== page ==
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Ecosystem health: an example of implications arising from regulations under the Canadian Environmental Protection Act (CEPA), and the importance of setting precedent

Abstract

Ecosystem health is a key principle which underlies the Canadian Environmental Protection Act (CEPA). This act is designed to protect human health and the environment from harmful and/or irreversible effects by providing a ‘cradle-to-grave’ regulation of toxic substances.

As an example of the application of this act, this contribution considers the most toxic dioxins and furans which are generally associated with Kraft pulp mill effluents. These are some of the first substances to come under the CEPA legislation. The proposed CEPA regulations for dioxins and furans are based on ‘end-of-pipe’ control, which would effectively limit their concentrations in effluent to something close to measurable levels. Depending on sample matrix and methodology, however, measurable levels may differ considerably.

Evidence presented at the Alberta-Pacific (ALPAC) pulp mill hearings in Alberta and the Northwest Territories during 1989 demonstrated that total loading are particularly important in dealing with the far-field effects of these extremely toxic, persistent, and bioaccumulating substances. Further, it was reported that there might be no threshold of effect for tetrachlorodibenzo-para-dioxin (2, 3, 7, 8, TCDD) or the companion furan. If such evidence is correct, the CEPA regulations should be designed to achieve zero discharge of these contaminants. Measurable levels, as presently defined in the CEPA regulations, may be in excess of zero discharge requirements.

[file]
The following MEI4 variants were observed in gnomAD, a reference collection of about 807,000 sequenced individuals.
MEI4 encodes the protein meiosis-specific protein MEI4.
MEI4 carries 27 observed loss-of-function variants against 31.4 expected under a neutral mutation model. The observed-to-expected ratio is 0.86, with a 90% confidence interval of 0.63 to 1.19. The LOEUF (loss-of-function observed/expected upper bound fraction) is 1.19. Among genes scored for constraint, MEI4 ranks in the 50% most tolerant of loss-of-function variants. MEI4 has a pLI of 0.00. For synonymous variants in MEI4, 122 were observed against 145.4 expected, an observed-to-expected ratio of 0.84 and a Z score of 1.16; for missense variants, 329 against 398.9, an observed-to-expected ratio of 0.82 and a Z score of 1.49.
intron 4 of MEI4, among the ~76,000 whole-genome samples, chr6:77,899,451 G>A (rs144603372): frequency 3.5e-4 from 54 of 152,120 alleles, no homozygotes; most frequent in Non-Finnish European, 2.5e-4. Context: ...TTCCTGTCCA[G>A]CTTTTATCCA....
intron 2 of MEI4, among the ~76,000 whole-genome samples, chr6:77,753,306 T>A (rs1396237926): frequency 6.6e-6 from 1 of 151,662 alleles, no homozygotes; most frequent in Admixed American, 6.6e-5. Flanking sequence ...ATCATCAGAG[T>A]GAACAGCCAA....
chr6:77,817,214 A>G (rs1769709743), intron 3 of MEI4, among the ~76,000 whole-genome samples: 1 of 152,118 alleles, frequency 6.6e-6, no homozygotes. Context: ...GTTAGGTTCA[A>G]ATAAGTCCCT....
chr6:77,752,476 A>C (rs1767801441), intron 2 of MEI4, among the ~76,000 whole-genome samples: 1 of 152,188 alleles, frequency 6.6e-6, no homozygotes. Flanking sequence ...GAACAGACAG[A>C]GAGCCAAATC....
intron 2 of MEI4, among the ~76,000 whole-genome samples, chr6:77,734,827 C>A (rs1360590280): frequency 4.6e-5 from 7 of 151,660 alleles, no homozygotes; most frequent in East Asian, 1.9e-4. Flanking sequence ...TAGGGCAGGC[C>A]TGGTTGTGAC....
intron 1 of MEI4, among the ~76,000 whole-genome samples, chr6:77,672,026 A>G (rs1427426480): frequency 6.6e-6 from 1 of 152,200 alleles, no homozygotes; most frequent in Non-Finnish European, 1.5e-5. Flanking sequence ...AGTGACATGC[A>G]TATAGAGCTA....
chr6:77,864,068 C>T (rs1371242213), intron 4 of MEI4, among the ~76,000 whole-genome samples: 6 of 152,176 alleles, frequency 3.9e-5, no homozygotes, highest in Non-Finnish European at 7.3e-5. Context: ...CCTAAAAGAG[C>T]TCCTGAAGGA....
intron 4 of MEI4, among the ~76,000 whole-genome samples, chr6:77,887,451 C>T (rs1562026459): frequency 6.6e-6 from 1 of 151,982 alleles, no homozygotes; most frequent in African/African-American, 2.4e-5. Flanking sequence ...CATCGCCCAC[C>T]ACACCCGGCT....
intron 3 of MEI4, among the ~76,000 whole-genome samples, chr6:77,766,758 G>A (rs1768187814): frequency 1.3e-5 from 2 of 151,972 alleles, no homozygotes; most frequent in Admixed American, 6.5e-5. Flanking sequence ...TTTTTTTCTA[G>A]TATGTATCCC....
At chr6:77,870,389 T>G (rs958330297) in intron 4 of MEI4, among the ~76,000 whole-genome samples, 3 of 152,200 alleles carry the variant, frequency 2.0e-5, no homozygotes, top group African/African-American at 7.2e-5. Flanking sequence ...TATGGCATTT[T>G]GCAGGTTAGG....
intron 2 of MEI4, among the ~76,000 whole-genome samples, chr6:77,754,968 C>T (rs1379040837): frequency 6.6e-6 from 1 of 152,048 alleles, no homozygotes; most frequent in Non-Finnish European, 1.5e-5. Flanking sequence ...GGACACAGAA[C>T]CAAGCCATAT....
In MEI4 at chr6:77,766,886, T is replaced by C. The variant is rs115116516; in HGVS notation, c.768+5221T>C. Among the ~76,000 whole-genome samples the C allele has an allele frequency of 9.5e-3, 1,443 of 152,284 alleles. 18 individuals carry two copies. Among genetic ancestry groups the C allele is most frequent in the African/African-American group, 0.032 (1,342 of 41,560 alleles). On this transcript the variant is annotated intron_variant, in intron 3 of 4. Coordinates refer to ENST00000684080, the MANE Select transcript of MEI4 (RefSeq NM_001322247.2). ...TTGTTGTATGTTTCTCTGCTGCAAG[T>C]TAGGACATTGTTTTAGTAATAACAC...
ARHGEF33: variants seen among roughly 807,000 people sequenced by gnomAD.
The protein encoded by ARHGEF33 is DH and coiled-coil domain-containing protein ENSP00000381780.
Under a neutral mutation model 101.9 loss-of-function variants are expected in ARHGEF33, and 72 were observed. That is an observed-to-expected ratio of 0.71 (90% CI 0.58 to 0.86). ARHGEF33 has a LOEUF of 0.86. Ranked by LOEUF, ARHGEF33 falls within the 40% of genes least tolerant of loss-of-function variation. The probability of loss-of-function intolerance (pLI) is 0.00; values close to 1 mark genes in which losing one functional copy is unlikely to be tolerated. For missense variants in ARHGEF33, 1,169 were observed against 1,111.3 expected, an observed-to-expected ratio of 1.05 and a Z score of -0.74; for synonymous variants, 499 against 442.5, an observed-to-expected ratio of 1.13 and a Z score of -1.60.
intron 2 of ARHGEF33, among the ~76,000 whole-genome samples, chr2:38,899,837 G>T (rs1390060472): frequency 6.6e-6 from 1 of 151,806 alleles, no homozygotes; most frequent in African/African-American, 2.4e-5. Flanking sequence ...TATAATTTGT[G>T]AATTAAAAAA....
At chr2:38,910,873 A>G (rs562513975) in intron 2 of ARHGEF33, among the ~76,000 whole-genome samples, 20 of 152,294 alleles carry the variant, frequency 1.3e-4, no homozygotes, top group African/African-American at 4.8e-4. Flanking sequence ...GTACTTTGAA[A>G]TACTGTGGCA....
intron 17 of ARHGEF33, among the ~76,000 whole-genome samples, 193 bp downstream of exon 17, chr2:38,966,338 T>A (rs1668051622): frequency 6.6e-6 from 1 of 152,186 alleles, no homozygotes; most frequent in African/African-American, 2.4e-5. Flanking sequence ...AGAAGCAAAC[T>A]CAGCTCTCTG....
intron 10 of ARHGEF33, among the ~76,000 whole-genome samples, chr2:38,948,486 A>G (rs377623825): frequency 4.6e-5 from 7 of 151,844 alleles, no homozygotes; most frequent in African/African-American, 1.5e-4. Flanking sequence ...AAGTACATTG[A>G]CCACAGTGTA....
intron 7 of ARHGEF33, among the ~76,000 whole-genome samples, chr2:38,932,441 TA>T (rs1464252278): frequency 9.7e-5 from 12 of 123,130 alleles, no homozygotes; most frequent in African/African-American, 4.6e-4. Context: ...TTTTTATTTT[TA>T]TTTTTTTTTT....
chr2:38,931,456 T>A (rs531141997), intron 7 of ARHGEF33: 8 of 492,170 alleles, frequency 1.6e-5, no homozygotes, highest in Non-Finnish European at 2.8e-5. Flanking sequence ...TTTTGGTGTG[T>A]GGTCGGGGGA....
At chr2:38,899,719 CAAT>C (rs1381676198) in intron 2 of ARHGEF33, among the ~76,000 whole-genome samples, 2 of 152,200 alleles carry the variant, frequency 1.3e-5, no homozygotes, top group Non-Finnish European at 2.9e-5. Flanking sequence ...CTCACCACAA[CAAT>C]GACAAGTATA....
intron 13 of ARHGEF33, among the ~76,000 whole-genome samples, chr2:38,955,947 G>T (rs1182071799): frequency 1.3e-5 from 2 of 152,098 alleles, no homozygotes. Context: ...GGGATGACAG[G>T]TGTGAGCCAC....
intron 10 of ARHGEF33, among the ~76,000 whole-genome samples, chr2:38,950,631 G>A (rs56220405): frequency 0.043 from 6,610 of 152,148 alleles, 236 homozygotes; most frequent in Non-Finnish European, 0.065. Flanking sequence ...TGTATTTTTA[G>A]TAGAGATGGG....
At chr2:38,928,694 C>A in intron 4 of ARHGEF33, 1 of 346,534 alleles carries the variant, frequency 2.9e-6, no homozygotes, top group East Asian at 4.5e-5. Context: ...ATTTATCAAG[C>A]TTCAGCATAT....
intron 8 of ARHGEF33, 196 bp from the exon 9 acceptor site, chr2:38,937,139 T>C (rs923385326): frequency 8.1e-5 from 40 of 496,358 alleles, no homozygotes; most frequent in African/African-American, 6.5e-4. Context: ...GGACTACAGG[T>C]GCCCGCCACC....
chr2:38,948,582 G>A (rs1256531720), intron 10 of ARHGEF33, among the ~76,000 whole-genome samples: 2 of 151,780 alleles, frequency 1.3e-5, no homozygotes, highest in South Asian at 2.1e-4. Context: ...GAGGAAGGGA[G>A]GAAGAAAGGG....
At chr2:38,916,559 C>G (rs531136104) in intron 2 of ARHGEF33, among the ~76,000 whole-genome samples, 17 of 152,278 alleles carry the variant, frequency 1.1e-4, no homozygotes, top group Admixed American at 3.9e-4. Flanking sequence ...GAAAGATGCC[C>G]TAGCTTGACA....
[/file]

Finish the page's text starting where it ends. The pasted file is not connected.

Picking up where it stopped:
Clearly, such inconsistency may cause problems and should be addressed directly. Unfortunately, the first draft of the CEPA regulations represents a piecemeal approach. In this, it is unfair to industry, it is scientifically inadequate, and it may not be enforceable. The application of CEPA regulations for the pulp and paper industry will set a new precedent for Canada's approach to ecosystem health. It is therefore essential to base decisions on a good under-standing of the dynamics and effects of chemicals in ecosystems and to re-evaluate, carefully, the toxicities of key contaminants. Interim measures are likely appropriate.

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Sly, P.G. Ecosystem health: an example of implications arising from regulations under the Canadian Environmental Protection Act (CEPA), and the importance of setting precedent. J Aquat Ecosyst Stress Recov 1, 39–48 (1992). https://doi.org/10.1007/BF00044407

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  • DOI: https://doi.org/10.1007/BF00044407

Keywords

  • ecosystem health
  • Canadian Environmental Protection Act
  • Kraft mill effluent
  • toxic substances